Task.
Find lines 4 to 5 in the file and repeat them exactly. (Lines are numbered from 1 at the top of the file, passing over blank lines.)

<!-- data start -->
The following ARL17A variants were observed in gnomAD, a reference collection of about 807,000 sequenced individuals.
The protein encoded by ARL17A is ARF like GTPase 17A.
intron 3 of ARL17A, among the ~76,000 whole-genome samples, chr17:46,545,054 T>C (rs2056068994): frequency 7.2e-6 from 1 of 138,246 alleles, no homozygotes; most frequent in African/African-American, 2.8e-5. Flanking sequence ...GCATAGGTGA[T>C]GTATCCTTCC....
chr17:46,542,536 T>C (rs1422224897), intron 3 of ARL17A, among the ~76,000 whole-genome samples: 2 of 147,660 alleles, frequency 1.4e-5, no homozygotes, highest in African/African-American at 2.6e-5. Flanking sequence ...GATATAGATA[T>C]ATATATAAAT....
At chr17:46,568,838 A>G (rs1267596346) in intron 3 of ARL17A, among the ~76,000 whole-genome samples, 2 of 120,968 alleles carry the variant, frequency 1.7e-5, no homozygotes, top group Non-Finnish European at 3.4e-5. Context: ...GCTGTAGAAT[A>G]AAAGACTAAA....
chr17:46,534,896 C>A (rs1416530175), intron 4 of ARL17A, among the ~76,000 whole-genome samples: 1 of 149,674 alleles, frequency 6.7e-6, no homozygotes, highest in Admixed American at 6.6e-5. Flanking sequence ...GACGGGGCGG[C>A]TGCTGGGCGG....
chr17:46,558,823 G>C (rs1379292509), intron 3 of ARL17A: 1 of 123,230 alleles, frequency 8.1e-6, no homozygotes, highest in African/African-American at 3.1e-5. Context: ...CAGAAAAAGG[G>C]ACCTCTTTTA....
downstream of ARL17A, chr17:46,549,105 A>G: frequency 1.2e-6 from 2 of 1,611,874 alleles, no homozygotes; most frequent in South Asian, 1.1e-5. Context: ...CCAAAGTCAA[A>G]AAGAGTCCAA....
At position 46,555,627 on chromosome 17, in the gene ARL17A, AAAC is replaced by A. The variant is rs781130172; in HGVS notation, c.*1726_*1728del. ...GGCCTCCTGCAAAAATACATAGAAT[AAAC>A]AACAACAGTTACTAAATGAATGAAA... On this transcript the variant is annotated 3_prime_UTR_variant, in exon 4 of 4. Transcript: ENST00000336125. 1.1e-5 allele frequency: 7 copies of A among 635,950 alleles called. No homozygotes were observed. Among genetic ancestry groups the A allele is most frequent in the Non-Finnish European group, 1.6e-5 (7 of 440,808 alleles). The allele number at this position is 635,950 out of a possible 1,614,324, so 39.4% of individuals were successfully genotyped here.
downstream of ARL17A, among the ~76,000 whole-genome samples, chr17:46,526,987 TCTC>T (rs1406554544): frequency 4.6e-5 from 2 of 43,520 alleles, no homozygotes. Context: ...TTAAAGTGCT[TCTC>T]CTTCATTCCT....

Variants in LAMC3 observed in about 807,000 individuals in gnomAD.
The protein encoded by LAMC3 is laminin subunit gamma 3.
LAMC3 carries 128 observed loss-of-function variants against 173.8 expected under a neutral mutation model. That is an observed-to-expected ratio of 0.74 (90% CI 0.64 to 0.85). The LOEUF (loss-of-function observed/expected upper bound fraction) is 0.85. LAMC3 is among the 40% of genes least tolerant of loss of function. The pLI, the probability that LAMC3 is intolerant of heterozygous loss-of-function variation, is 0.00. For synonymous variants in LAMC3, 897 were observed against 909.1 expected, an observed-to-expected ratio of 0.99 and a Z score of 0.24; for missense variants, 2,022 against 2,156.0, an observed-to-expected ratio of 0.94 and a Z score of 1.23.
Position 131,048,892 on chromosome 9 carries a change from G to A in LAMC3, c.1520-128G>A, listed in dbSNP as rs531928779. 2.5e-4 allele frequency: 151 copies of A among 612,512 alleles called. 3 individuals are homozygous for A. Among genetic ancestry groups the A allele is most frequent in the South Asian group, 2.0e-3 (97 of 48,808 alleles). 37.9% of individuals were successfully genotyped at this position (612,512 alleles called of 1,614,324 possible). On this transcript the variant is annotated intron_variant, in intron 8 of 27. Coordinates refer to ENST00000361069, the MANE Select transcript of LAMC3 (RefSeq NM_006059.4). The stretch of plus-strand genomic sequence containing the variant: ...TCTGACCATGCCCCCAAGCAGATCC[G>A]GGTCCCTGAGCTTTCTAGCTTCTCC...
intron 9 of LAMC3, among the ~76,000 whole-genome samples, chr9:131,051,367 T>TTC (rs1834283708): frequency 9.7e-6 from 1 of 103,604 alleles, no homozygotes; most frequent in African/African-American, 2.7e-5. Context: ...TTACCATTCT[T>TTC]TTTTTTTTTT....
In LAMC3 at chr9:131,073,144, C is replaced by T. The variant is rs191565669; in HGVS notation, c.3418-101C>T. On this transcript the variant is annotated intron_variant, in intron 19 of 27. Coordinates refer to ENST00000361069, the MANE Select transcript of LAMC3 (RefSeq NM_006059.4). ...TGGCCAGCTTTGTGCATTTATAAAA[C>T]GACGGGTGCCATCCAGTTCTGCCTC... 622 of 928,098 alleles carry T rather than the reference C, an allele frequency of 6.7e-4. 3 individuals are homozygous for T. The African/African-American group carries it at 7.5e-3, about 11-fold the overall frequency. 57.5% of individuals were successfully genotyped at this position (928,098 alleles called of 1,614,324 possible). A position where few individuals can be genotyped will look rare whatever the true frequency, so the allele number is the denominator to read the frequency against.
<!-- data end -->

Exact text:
chr17:46,542,536 T>C (rs1422224897), intron 3 of ARL17A, among the ~76,000 whole-genome samples: 2 of 147,660 alleles, frequency 1.4e-5, no homozygotes, highest in African/African-American at 2.6e-5. Flanking sequence ...GATATAGATA[T>C]ATATATAAAT....
At chr17:46,568,838 A>G (rs1267596346) in intron 3 of ARL17A, among the ~76,000 whole-genome samples, 2 of 120,968 alleles carry the variant, frequency 1.7e-5, no homozygotes, top group Non-Finnish European at 3.4e-5. Context: ...GCTGTAGAAT[A>G]AAAGACTAAA....